As the timing pattern it is also possible to use a large pit length, which does not appear in data pattern as adopted in CD (compact disk).
In the above explanation the working mode according to this invention has been explained on the assumption that the lead-edge and the tail-edge of the reproduced waveform reproduce ideally and correctly the position of "1" during the recording. However, in practice, the position of "1" during the recording is often reproduced incorrectly and the width of the window discriminating information is very small. Consequently, if the demodulation is effected as it is, the probability that errors are produced is high. Therefore, hereinbelow, a method will be described as an embodiment, by which fluctuations of the position of the edges in a series of data succeeding the timing pattern are automatically corrected by using efficaciously the double timing pattern for starting demodulation as described previously.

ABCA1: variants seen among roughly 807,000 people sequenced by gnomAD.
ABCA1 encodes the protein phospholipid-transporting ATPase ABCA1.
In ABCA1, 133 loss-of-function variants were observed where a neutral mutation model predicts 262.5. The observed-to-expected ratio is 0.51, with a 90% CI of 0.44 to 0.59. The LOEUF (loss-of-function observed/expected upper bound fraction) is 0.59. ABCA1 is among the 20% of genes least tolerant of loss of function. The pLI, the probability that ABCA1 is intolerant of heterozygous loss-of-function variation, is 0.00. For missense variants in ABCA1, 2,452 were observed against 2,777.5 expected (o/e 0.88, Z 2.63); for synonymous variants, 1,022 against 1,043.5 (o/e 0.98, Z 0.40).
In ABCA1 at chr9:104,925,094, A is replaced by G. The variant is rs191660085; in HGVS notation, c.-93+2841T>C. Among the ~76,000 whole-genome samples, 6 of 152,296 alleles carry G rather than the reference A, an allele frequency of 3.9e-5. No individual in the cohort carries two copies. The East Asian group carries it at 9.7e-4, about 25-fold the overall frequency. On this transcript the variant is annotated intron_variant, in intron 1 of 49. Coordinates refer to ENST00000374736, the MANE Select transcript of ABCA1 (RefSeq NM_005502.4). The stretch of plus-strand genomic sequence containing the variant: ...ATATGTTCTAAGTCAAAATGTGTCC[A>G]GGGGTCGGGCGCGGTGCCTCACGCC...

FIG. 4 shows an example illustrating the construction of correction circuits and more particularly the concrete construction of the correction circuit 214 indicated in FIG. 1. The pattern agreement signal 20 coming from the lead-edge is inputted in a delay line 40. The delay line 40 has a plurality of delay outputs. The delay outputs 401-404 are inputted in AND gates 41-44, respectively. On the other hand, the pattern agreement signal 21 coming from the tail-edge is inputted in a buffer 51 having a delay time, which is equal to that corresponding to one gate of the AND gates 41-44, and in the AND gates 41-44. Then, the outputs 61-64 of the AND gates are inputted in the D (data) terminal of flip-flops 71-74, respectively. Further in the (trigger) terminal of the flip-flops 71-74 is inputted the output 65 of the buffer 51. Here the working mode of the circuit indicated in FIG. 4 will be explained, referring to FIGS. 5(a), (b), (c) and 6. FIGS. 5(a), (b) and (c) are schemes illustrating the production timing of the pattern agreement signal 20 coming from the lead-edge and the pattern agreement signal 21 coming from the tail-edge. FIG. 5(a) illustrates a case where the agreement signal 21 is produced with a delay, which is shorter by α than the proper delay 4τ, i.e. an amount of delay corresponding to four clocks; FIG. 5(b) a case where the agreement signal 21 is produced with the proper delay; and FIG. 5(c) a case where the agreement signal 21 is produced with a delay, which is longer by β than the proper delay. If it were produced always as indicated in FIG. 5(b), the detection data would be a logic sum of the lead-edge detection signal 13 and the tail-edge detection signal 14 as they are without any correction. However, in the cases illustrated in FIGS. 5 (a) and (c), a series of data should be obtained by forming logic sums after having effected time corrections of α and β, respectively. FIG. 6 is a scheme illustrating the working mode of the circuit indicated in FIG. 4 for the case of FIG. 5(a). The delayed outputs 401-404 are delayed with a constant time interval. Consequently, for the case indicated in FIG. 6, the delayed output 403 is the delayed output, which can satisfy the AND condition with the agreement signal 21 coming from the tail-edge. Therefore, only the output 63 of the AND gate 43 is "H" at the time of agreement and only the Q output 83 of the flip-flop 73 is "H". That is, in FIG. 4, only the gate 93 is opened among the AND gates 91-94 connected after the flip-flops. On the other hand, the lead-edge detection signal 13 is inputted in a delay line 100 and among its delayed outputs 101-104 only the output 103 passes through the AND gate 93. In FIG. 4, the tail-edge detection signal 14 passes through a fixed delay line 110. This is for the sake of permitting the correction both in the case where the delay of the pattern agreement signal 21 coming from the tail-edge with respect to the pattern agreement signal 20 coming from the lead-edge is shorter than the proper delay of 4τ and in the case where the former is longer than the latter. FIG. 6 shows the case indicated in FIG. 5(a), where e.g. if it is supposed that the circuit is so set that the output 62 of the AND gate 42 is "H" for the proper delay, the Q output 82 of the flip-flop 72 is set at "H" and only the delayed output 102 of the lead-edge detection signal 13 passes through the AND gate. Consequently, if the amount of delay of the delay line 110 for the tail-edge detection signal 14 is equal to the amount of delay of the output 102 of the delay line 100, the difference in time between the lead-edge detection signal 13 and the tail-edge detection signal 14 is outputted without any change. Supposing that the amount of delay of the fixed delay line 110 is γ; the amount of delay of the output 102 of he delay line 100 is γ; that of the output 103 is γ-α; and that of the output 101 is β+β, both the corrections indicated in FIGS. 5(a) and (b) are possible. After having effected the correction in this way, a series of data can be obtained by forming the logic sum of the lead-edge detection signal and the tail-edge detection signal by means of an OR gate 120.